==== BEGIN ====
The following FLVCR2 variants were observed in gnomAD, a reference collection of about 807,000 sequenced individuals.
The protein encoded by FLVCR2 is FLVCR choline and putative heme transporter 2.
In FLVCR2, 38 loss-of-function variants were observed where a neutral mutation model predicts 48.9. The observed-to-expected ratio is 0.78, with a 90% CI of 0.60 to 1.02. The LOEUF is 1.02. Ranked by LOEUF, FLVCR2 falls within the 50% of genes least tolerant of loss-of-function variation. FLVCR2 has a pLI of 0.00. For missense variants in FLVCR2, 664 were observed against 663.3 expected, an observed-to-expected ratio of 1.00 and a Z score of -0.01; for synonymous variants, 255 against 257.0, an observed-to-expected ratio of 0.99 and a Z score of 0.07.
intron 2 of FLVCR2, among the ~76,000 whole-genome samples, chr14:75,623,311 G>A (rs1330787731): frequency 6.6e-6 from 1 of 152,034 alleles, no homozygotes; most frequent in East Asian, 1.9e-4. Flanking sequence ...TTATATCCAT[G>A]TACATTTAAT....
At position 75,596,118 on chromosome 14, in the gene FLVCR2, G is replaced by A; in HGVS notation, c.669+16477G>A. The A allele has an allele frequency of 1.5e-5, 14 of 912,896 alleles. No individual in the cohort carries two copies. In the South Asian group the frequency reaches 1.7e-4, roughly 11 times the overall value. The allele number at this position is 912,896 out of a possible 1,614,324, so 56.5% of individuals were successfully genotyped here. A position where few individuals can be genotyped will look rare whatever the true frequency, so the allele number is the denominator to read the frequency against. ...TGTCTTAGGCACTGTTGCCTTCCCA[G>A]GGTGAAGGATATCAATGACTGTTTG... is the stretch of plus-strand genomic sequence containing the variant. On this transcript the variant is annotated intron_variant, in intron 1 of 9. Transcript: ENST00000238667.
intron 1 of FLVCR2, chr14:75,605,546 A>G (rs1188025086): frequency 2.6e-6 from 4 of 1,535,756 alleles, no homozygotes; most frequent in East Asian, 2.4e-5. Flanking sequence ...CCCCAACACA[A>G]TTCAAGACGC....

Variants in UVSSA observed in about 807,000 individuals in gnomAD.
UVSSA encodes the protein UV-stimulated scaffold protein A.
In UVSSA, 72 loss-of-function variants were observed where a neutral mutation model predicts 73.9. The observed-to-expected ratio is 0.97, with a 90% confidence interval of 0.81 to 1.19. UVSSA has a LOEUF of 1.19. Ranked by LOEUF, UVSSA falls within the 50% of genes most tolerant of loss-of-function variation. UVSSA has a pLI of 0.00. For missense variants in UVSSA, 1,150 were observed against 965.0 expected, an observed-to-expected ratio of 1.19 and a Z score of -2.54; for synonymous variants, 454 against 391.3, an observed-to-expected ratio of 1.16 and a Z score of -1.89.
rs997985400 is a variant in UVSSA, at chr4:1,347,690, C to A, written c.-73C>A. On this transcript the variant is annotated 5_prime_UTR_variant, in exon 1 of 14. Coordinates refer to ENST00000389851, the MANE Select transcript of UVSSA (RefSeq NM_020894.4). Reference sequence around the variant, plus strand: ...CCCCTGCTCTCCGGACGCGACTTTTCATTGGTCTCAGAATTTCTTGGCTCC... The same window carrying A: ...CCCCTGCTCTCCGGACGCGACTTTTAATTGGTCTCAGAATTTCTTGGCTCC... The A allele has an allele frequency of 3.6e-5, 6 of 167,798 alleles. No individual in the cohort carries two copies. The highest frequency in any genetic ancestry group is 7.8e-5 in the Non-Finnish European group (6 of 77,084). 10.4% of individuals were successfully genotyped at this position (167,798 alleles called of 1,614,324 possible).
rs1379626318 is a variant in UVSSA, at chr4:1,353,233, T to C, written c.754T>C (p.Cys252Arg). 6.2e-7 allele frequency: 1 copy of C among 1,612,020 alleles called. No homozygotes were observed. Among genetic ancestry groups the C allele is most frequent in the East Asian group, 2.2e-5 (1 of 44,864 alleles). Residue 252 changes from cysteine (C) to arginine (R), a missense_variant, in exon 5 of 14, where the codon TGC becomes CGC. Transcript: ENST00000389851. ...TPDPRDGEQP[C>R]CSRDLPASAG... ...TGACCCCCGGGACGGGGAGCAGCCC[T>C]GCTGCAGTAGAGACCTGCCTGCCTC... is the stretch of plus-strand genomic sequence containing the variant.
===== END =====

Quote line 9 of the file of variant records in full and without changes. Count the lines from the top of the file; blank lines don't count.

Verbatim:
In UVSSA, 72 loss-of-function variants were observed where a neutral mutation model predicts 73.9. The observed-to-expected ratio is 0.97, with a 90% confidence interval of 0.81 to 1.19. UVSSA has a LOEUF of 1.19. Ranked by LOEUF, UVSSA falls within the 50% of genes most tolerant of loss-of-function variation. UVSSA has a pLI of 0.00. For missense variants in UVSSA, 1,150 were observed against 965.0 expected, an observed-to-expected ratio of 1.19 and a Z score of -2.54; for synonymous variants, 454 against 391.3, an observed-to-expected ratio of 1.16 and a Z score of -1.89.